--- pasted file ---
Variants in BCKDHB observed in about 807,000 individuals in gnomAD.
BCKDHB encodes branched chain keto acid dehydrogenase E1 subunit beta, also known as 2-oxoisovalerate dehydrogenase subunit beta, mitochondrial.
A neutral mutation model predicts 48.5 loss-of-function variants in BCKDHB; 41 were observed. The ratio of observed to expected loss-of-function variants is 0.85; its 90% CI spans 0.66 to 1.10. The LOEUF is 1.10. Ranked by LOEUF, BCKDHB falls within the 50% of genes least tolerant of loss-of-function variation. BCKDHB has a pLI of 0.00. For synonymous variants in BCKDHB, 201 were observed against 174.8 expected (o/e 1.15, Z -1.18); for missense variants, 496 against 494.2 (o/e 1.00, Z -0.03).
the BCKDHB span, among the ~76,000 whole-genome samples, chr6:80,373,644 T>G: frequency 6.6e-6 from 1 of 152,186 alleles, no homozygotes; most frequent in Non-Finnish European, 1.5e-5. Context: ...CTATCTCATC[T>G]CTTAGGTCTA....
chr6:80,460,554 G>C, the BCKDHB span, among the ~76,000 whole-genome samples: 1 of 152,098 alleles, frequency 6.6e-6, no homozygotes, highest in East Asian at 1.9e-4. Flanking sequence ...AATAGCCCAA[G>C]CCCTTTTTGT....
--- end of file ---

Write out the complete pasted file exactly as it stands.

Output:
Variants in BCKDHB observed in about 807,000 individuals in gnomAD.
BCKDHB encodes branched chain keto acid dehydrogenase E1 subunit beta, also known as 2-oxoisovalerate dehydrogenase subunit beta, mitochondrial.
A neutral mutation model predicts 48.5 loss-of-function variants in BCKDHB; 41 were observed. The ratio of observed to expected loss-of-function variants is 0.85; its 90% CI spans 0.66 to 1.10. The LOEUF is 1.10. Ranked by LOEUF, BCKDHB falls within the 50% of genes least tolerant of loss-of-function variation. BCKDHB has a pLI of 0.00. For synonymous variants in BCKDHB, 201 were observed against 174.8 expected (o/e 1.15, Z -1.18); for missense variants, 496 against 494.2 (o/e 1.00, Z -0.03).
the BCKDHB span, among the ~76,000 whole-genome samples, chr6:80,373,644 T>G: frequency 6.6e-6 from 1 of 152,186 alleles, no homozygotes; most frequent in Non-Finnish European, 1.5e-5. Context: ...CTATCTCATC[T>G]CTTAGGTCTA....
chr6:80,460,554 G>C, the BCKDHB span, among the ~76,000 whole-genome samples: 1 of 152,098 alleles, frequency 6.6e-6, no homozygotes, highest in East Asian at 1.9e-4. Flanking sequence ...AATAGCCCAA[G>C]CCCTTTTTGT....